May made no comment as she left talks with DUP leader Arlene Foster.
    U.S. President Donald Trump has just tweeted about Obamacare plan:
    UK PM May says clear country faces challenges including taking Britain out of the EU and keeping country safe. She says as we face challenges, let us come together in spirit of national unity. That's according to Reuters.
    Talks between British Prime Minister Theresa May's Conservatives and Northern Ireland's Democratic Unionist Party (DUP) on a deal to support May's minority government are going well and will continue on Tuesday, a senior Conservative source said.

    May met with DUP leader Arlene Foster at her Downing Street office earlier on Tuesday. The pair left separately, with May going to parliament for the election of the House of Commons speaker.

    They are ongoing, it hasn't broken up for the day. I'm not putting any timescale on when it will be done," the source told Reuters. "They are going well.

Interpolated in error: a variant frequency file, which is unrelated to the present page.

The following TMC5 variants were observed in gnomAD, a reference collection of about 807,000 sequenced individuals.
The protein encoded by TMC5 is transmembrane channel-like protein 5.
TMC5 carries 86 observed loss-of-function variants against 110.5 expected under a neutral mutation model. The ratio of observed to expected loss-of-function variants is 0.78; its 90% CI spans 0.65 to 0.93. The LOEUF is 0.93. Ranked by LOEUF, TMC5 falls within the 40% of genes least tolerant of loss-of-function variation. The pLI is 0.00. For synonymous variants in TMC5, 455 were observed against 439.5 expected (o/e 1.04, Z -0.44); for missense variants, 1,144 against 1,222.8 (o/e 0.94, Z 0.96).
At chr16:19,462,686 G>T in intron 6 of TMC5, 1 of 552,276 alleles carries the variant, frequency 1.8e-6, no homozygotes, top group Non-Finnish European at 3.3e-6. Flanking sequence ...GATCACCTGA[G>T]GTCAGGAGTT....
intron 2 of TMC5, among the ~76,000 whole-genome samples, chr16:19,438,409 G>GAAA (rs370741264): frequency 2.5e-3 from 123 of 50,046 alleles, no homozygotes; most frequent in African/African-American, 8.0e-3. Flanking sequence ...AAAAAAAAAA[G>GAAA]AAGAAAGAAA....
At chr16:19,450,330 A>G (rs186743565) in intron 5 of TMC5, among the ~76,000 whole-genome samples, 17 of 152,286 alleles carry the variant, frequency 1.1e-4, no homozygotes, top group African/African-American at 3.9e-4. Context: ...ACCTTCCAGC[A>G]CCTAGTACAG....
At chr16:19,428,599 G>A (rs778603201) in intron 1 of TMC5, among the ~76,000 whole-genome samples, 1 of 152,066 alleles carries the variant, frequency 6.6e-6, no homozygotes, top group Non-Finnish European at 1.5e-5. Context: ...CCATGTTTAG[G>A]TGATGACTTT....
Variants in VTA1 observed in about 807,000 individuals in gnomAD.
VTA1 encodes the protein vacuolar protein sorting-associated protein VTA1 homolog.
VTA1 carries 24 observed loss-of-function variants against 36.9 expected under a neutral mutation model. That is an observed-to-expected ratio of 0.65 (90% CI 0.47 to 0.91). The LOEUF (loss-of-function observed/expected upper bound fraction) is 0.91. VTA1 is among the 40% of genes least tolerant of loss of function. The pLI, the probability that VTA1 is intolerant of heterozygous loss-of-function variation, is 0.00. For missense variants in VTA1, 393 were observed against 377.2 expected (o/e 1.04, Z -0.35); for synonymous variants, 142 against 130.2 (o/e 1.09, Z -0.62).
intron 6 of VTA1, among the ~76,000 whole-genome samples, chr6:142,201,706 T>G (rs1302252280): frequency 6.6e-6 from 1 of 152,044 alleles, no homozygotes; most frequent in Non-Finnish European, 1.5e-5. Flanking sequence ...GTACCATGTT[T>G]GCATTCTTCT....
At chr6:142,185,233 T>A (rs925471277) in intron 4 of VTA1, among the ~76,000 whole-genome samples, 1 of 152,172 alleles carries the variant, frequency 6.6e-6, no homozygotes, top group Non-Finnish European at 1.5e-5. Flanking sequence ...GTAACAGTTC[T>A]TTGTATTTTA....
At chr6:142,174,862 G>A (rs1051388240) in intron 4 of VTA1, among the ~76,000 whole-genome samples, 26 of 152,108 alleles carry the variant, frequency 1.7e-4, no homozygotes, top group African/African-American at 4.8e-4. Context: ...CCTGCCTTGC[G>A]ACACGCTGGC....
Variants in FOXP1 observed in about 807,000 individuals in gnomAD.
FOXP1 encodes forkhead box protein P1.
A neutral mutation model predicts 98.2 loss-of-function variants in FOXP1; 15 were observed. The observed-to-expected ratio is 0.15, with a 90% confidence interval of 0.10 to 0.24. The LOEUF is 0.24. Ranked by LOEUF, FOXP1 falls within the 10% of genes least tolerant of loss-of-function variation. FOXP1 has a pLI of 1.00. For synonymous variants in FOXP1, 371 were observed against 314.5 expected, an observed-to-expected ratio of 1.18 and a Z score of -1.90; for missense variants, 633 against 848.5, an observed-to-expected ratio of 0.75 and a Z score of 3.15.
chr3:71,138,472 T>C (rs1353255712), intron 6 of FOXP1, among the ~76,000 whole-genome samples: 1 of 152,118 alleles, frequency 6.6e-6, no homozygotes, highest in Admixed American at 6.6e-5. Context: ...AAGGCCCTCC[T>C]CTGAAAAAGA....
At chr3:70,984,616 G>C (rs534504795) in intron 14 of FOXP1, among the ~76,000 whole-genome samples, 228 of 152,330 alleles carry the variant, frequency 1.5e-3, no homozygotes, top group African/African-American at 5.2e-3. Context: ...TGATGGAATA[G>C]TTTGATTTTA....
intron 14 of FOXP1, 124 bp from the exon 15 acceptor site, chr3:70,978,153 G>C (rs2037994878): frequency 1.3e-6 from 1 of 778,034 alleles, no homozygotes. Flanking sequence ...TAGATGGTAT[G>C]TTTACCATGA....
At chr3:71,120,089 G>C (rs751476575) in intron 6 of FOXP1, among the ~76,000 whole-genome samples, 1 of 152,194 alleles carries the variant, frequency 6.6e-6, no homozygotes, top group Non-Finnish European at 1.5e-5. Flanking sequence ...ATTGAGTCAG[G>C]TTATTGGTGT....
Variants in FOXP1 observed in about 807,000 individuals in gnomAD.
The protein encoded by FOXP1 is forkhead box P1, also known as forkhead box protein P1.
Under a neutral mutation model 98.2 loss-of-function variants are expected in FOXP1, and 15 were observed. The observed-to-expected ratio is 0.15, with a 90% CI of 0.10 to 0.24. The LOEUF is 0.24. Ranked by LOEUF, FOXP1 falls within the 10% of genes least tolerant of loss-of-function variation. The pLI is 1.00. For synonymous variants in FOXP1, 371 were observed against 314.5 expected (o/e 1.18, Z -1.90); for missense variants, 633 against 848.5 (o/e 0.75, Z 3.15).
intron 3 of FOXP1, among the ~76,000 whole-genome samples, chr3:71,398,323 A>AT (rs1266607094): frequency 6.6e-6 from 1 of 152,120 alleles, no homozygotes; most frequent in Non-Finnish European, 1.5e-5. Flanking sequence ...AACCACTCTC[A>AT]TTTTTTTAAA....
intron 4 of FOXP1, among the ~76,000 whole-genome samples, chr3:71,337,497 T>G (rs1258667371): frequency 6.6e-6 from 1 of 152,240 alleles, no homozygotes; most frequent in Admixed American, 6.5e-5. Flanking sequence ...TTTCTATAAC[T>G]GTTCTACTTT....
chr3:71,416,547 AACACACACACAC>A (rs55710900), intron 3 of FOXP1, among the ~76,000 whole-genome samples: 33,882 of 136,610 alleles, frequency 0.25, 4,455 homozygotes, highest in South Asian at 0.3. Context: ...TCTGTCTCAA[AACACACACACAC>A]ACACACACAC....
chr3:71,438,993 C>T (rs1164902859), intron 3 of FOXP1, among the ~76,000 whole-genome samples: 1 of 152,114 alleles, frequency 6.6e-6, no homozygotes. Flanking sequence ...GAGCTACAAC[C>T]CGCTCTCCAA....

British Prime Minister Theresa May has "largely agreed" a support deal with Northern Ireland's Democratic Unionist Party (DUP) which will enable her to prop up her Conservative government, according to BBC reports.

    May held talks with DUP members of parliament Tuesday afternoon to discuss a "confidence and supply deal" which will provide her with the backing needed to form a parliamentary majority.

    British leader May and Northern Ireland's party 'largely agree' support deal - BBC

    CNBCBritish Prime Minister Theresa May has "largely agreed" a support deal with Northern Ireland's Democratic Unionist Party (DUP), BBC reports.
    Thirty minutes to Europe close and stocks look like this:
    Head of Northern Ireland's DUP Party says hope we cab reach a conclusion with the UK government sooner rather than later. That's according to Reuters citing Sky News.
    European stocks are now closed for trading. The pan-European index has closed 0.5 percent higher as investors wait for a statement from Fed:
    Major European indexes have also closed with mixed performance across the board:
    And that's all from us here at World Markets Live. Join us tomorrow from 0600GMT for more news, views and analysis. Till then have a great evening and see you soon!